Neoboutonia macrocalyx is found mainly in lower montane forest in high rainfall areas at 600–2500 m altitude, as a pioneer in clearings and along streams. Secondary forests can consist of almost pure stands.


Propagation of Neoboutonia macrocalyx is easily done with seedlings or wildlings. Fruits should be collected just before they open. After they have opened and the seeds are dry, these can be stored in a sealed container in a cool place. For good results seeds should be used within 2 months after harvesting. The growth is fast and trees can be pollarded or coppiced. Usually Neoboutonia macrocalyx is grown in pure stands for production of firewood or in lines or strips for soil conservation.

Genetic resources

There are no serious threats because Neoboutonia macrocalyx is a widespread pioneer which is abundant in secondary forest.


Neoboutonia macrocalyx may not be a first-choice timber tree, but may have potential for paper production, soil conservation and firewood production.

Major references

  • Chikamai, B.N., Githiomi, J.K., Gachathi, F.N. & Njenga, M.G., undated. Commercial timber resources of Kenya. Kenya Forestry Research Institute (KEFRI), Nairobi, Kenya. 164 pp.
  • Katende, A.B., Birnie, A. & Tengnäs, B., 1995. Useful trees and shrubs for Uganda: identification, propagation and management for agricultural and pastoral communities. Technical Handbook 10. Regional Soil Conservation Unit, Nairobi, Kenya. 710 pp.
  • Kirira, P.G., Rukunga, G.M., Wanyonyi, A.W., Muthaura, C.N., Mungai, G.M., Machocho, A.K. & Ndiege, I.O., 2007. Tigliane diterpenoids from the stem bark of Neoboutonia macrocalyx. Journal of Natural Products 70(5): 842–845.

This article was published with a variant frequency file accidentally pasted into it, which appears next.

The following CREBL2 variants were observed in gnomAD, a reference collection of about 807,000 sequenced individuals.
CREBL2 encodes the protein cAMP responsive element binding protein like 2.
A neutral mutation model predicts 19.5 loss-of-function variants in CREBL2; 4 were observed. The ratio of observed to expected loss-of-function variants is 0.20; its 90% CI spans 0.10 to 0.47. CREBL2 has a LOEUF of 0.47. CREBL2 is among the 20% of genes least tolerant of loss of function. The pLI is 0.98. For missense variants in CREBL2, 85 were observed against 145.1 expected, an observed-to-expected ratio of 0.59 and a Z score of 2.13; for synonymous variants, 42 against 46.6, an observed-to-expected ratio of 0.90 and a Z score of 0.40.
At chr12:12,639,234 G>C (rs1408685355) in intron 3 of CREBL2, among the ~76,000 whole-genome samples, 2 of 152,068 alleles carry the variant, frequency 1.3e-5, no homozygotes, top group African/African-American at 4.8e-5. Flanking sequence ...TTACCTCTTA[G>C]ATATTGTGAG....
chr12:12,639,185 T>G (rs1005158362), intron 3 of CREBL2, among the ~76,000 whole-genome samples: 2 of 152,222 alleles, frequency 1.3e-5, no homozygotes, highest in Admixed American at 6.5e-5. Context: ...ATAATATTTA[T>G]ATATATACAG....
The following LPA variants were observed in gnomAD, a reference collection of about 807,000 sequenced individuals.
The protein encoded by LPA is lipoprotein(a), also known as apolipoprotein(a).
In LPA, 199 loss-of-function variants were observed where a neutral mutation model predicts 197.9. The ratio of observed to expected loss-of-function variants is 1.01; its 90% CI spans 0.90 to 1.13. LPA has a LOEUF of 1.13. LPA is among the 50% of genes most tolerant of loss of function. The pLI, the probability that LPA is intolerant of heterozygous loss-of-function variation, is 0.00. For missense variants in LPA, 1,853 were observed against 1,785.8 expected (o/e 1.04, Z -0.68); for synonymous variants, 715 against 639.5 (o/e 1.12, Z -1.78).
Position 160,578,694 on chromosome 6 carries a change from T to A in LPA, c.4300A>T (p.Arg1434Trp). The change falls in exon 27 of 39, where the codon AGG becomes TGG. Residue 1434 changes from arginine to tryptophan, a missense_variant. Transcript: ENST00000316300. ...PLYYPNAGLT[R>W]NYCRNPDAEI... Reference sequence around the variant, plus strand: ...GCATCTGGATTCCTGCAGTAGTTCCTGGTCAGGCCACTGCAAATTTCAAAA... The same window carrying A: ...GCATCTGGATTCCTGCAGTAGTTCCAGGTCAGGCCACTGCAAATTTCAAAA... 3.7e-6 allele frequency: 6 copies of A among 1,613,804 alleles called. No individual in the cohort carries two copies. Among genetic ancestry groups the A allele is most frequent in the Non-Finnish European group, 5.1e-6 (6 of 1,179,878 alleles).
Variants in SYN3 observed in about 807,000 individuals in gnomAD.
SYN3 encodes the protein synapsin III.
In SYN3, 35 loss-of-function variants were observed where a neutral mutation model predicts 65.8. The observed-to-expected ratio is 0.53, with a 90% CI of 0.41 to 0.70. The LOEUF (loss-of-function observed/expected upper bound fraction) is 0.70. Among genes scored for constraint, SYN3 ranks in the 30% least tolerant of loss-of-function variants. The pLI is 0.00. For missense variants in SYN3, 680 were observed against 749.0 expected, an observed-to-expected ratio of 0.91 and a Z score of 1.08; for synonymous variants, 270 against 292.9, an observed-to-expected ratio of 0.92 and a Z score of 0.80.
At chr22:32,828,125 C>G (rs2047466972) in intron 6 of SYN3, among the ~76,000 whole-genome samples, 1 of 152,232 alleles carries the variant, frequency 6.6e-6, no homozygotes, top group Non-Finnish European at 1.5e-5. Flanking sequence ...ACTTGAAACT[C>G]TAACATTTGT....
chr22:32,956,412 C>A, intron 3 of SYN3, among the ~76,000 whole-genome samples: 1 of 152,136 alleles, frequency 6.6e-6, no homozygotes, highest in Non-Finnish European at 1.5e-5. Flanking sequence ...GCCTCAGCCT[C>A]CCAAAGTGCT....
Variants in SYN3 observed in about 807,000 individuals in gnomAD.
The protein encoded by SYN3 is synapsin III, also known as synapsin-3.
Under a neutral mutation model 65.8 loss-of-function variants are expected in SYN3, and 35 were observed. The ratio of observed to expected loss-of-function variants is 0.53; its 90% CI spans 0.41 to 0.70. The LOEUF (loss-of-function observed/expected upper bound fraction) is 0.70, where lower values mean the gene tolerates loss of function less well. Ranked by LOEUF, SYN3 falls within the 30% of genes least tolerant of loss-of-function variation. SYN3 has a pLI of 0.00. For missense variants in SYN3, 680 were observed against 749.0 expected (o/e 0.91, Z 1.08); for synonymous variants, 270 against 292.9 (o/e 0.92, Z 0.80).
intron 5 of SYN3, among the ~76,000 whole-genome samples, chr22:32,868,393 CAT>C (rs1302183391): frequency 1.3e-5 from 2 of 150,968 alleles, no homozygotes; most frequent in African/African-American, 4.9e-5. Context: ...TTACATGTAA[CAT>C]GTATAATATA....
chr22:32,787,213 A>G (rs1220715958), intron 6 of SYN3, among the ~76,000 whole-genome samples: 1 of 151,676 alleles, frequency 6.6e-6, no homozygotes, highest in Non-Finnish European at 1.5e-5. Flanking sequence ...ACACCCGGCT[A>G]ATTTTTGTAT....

• Lovett, J.C., Ruffo, C.K., Gereau, R.E. & Taplin, J.R.D., 2007. Field Guide to the moist forest trees of Tanzania. Frontier Publishing, United Kingdom. 303 pp.
  • Radcliffe-Smith, A., 1996. Euphorbiaceae, subfamilies Phyllantoideae, Oldfieldioideae, Acalyphoideae, Crotonoideae and Euphorbioideae, tribe Hippomaneae. In: Pope, G.V. (Editor). Flora Zambesiaca. Volume 9, part 4. Royal Botanic Gardens, Kew, Richmond, United Kingdom. pp. 1–337.

Other references

  • Beentje, H.J., 1994. Kenya trees, shrubs and lianas. National Museums of Kenya, Nairobi, Kenya. 722 pp.
  • Bolza, E. & Keating, W.G., 1972. African timbers: the properties, uses and characteristics of 700 species. Division of Building Research, CSIRO, Melbourne, Australia. 710 pp.
  • Burkill, H.M., 1994. The useful plants of West Tropical Africa. 2nd Edition. Volume 2, Families E–I. Royal Botanic Gardens, Kew, Richmond, United Kingdom. 636 pp.
  • Chifundera, K., 2001. Contribution to the inventory of medicinal plants from the Bushi area, South Kivu Province, Democratic Republic of Congo. Fitoterapia 72: 351–368.
  • Dale, I.R. & Greenway, P.J., 1961. Kenya trees and shrubs. Buchanan’s Kenya Estates Limited, Nairobi, Kenya. 654 pp.
  • Kirira, P.G., Rukunga, G.M., Wanyonyi, A.W., Muregi, F.M., Gathirwa, J.W., Muthaura, C.N., Omar, S.A., Tolo, F., Mungai, G.M. & Ndiege, I.O., 2006. Anti-plasmodial activity and toxicity of extracts of plants used in traditional malaria therapy in Meru and Kilifi districts of Kenya. Journal of Ethnopharmacology 106: 403–407.
  • Neuwinger, H.D., 2000. African traditional medicine: a dictionary of plant use and applications. Medpharm Scientific, Stuttgart, Germany. 589 pp.
  • Tene, M., Tane, P., Tamokou, J., Kuiate, J.-R., Connolly, J.D., 2008. Degraded diterpenoids from the stem bark of Neoboutonia mannii. Phytochemistry Letters 1(2): 120–124.
  • Yamada, T., 1999. A report of the ethnobotany of the Nyindu in the eastern part of the former Zaire. African Study Monographs 20(1): 1–72.
  • Zhao, W., Wolfender, J.-L., Mavi, S. & Hostettmann, K., 1998. Diterpenes and sterols from Neoboutonia melleri. Phytochemistry 48(7): 1173–1177.


  • C.H. Bosch, PROTA Network Office Europe, Wageningen University, P.O. Box 341, 6700 AH Wageningen, Netherlands

Correct citation of this article

Bosch, C.H., 2012. Neoboutonia macrocalyx Pax. In: Lemmens, R.H.M.J., Louppe, D. & Oteng-Amoako, A.A. (Editors). PROTA (Plant Resources of Tropical Africa / Ressources végétales de l’Afrique tropicale), Wageningen, Netherlands. Accessed 7 March 2020.